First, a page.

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    Thanks for all of the advice! To better explain, her name is Fiona (she goes by Fin), and she lives with her sister and dad. Her mom died because of an illness when she was pretty young, which crushed Fin because she looked up to her mom way more than she did to her dad. Her mom was also very compassionate and raised Fin to see all life as beautiful and sacred, and to treat even the most horrid of people with respect and kindness. Fin is not a saint, however. She's very impatient and very passive aggressive, so if someone pisses her off, she holds it in rather than expresses it, or she gives them the silent treatment. Around the people who know her best, she is flighty and carefree, but reserved around strangers until they make an effort to get to know her. Is that a little better?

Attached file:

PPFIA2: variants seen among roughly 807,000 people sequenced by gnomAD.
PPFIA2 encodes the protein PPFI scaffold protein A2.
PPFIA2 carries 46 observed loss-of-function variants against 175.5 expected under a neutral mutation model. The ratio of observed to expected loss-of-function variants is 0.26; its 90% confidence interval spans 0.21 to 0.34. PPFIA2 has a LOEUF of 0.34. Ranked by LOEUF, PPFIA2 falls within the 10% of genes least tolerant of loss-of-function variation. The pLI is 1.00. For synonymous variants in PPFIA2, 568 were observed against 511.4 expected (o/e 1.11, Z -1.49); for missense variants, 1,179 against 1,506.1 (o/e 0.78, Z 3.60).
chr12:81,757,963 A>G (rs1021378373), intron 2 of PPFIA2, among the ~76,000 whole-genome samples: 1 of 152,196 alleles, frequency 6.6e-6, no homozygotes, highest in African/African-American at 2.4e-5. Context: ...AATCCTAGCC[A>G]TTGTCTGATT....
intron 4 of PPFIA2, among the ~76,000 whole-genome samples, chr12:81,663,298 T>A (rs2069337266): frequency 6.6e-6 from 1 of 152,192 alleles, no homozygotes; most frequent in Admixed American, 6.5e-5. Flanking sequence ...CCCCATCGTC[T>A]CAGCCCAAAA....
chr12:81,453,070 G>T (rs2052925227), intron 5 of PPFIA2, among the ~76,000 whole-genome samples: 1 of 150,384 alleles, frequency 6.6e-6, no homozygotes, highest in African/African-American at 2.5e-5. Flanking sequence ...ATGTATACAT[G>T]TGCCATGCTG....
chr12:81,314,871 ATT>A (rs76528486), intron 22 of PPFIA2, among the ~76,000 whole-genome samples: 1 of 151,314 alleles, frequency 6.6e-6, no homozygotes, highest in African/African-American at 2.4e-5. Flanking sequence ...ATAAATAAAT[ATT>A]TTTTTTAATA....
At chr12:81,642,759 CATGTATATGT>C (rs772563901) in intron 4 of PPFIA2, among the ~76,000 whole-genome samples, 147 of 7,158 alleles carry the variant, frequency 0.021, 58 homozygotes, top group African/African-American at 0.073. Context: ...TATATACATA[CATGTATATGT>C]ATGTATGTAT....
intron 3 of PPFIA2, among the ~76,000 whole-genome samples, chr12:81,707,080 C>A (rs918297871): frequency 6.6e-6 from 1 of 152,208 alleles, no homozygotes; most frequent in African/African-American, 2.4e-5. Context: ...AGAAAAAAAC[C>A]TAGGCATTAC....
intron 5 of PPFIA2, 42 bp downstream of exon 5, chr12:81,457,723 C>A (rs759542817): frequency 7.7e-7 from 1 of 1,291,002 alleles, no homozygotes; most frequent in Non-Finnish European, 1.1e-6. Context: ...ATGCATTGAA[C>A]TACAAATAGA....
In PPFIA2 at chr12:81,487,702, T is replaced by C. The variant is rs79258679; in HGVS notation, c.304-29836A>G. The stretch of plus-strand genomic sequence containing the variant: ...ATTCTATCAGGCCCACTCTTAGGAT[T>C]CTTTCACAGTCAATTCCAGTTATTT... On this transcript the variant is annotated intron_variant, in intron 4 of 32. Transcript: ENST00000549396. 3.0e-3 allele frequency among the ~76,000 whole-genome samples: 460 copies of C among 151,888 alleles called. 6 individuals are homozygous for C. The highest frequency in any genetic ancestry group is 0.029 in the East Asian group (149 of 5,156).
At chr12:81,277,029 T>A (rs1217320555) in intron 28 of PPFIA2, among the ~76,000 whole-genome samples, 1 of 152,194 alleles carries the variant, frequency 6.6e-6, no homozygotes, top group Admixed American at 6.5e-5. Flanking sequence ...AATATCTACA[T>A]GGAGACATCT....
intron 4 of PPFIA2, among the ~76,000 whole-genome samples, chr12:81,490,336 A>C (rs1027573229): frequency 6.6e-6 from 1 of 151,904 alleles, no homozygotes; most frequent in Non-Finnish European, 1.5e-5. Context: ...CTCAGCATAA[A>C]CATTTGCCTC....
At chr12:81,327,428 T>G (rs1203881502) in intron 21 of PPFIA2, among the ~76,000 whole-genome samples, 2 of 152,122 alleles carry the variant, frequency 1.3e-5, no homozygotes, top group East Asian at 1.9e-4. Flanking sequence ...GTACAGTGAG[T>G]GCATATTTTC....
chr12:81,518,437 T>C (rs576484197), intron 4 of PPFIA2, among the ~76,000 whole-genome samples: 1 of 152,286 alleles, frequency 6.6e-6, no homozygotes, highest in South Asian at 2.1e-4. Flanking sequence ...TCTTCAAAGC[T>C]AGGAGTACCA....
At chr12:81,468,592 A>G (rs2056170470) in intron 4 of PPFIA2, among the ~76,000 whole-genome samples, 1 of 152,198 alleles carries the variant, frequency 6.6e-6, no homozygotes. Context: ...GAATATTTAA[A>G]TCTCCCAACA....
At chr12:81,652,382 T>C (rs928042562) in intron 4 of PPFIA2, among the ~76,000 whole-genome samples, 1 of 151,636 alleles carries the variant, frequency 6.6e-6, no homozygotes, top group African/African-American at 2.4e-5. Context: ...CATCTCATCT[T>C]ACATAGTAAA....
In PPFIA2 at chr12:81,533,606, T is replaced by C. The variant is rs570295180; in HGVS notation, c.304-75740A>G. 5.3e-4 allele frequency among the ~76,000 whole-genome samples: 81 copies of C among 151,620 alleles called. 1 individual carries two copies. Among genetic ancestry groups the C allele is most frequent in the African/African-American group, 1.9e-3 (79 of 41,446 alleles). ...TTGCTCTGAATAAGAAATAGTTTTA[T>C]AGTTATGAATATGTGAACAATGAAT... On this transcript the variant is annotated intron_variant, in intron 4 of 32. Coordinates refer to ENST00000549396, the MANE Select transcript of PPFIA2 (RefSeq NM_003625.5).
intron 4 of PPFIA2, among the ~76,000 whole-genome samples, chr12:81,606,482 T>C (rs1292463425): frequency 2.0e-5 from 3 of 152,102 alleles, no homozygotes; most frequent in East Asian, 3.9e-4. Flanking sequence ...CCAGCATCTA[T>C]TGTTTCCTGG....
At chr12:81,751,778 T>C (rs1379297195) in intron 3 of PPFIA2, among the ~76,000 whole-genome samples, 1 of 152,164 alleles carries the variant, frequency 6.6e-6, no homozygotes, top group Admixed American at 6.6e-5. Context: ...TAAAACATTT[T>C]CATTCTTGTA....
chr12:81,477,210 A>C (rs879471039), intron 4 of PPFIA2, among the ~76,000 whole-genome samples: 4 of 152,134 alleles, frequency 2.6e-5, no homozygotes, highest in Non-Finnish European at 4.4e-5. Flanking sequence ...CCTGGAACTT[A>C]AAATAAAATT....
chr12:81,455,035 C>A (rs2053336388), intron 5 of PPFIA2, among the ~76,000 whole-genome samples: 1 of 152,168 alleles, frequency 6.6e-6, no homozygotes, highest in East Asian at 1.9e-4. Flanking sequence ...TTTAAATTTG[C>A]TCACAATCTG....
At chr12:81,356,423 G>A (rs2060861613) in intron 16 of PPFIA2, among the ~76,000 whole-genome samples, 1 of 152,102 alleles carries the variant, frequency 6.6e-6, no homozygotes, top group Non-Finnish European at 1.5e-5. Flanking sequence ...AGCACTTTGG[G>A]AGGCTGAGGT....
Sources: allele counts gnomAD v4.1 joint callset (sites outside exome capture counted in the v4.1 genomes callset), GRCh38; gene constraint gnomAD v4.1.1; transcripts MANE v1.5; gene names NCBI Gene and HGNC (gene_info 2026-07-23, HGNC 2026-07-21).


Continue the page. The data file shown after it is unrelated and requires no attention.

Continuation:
In the very beginning of the story, she is confronted by her country's soon-to-be leader, who met her once and was fascinated by her. This person is very sought after, and everyone envies Fin for becoming his friend. Sooner or later the guy falls for the girl, yadda yadda yadda, but she finds out that he is quite the opposite of her. While she is compassionate and loves all forms of life, he thinks of people as nothing but livestock, and to him livestock is disposable. Outwardly he is charming and seems to be quite the romantic guy, but Fin also finds out that he has a "friend" who has been telling him what to say to her the whole time. This friend, Jack, honestly hates the young ruler, so naturally he and Fin form a bond and secretly plan to escape the country. From then on, Jack and Fin are both the main characters, and they help each other with their struggles, whether it's physical, mental, emotional, whatever.